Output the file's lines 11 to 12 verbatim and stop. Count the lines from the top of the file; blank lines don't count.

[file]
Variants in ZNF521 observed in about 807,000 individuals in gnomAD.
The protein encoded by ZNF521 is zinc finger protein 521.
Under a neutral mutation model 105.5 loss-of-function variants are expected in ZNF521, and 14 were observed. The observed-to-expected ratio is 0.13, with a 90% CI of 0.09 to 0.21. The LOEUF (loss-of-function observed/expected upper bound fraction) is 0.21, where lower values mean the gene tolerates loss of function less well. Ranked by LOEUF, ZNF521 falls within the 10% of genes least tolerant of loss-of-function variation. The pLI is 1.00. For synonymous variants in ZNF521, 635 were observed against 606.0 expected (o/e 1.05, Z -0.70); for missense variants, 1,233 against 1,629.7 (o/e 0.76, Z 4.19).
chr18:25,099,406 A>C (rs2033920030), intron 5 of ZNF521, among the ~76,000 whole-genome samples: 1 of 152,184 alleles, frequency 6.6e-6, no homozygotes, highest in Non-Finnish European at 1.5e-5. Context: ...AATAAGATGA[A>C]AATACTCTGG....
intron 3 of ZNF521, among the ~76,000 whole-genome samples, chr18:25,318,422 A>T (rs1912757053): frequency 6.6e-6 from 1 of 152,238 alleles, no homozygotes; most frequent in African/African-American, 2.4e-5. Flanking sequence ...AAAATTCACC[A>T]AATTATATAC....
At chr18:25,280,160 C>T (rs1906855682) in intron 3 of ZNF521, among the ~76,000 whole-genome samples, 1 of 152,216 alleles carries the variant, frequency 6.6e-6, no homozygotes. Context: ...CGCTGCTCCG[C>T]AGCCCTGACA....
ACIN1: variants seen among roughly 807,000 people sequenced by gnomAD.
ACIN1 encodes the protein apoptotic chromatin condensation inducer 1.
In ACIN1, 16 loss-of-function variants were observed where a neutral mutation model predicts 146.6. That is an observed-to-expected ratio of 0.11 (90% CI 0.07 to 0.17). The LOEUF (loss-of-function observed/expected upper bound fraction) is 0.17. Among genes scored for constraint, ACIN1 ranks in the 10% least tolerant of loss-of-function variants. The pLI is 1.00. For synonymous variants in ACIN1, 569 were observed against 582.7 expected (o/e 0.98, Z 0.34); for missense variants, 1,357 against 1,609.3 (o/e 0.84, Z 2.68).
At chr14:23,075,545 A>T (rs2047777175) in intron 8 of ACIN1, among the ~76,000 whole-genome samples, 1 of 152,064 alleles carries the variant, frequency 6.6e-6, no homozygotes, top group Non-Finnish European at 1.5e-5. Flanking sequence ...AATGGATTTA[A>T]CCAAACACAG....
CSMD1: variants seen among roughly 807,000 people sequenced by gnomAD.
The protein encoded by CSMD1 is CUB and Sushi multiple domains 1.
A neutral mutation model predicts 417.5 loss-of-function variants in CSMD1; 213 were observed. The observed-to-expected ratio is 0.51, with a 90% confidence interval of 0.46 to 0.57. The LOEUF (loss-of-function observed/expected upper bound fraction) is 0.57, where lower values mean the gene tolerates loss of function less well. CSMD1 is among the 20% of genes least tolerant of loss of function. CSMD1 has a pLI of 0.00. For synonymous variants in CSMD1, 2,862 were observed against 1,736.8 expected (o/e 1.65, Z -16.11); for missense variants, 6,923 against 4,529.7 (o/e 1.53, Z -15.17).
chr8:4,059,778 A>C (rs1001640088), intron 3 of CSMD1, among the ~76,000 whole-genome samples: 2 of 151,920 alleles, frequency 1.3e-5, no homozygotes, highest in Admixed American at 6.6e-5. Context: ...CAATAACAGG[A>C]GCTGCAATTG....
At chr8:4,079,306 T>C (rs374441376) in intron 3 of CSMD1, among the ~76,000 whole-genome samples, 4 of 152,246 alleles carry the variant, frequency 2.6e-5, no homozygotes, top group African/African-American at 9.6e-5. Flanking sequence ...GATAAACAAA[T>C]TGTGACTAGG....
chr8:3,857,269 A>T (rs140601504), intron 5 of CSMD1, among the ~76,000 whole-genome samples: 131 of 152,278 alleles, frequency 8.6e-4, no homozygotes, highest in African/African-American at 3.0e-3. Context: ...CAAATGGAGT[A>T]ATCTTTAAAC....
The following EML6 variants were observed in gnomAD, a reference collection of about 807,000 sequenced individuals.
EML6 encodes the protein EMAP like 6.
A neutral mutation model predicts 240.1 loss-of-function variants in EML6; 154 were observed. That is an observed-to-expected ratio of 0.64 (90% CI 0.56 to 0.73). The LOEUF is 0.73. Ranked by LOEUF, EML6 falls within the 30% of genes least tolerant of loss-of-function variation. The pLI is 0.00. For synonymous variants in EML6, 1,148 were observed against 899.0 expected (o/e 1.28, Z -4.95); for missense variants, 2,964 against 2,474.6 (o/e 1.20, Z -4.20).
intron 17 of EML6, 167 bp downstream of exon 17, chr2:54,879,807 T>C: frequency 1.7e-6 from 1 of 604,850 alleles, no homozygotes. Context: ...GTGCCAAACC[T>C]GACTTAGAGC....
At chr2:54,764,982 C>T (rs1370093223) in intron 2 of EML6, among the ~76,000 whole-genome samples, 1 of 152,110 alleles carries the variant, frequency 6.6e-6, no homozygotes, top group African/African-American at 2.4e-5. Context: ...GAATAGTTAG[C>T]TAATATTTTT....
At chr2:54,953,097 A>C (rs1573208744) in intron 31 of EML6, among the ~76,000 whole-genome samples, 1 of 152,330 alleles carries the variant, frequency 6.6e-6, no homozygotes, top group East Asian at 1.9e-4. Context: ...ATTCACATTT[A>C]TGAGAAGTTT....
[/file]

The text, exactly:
CSMD1: variants seen among roughly 807,000 people sequenced by gnomAD.
The protein encoded by CSMD1 is CUB and Sushi multiple domains 1.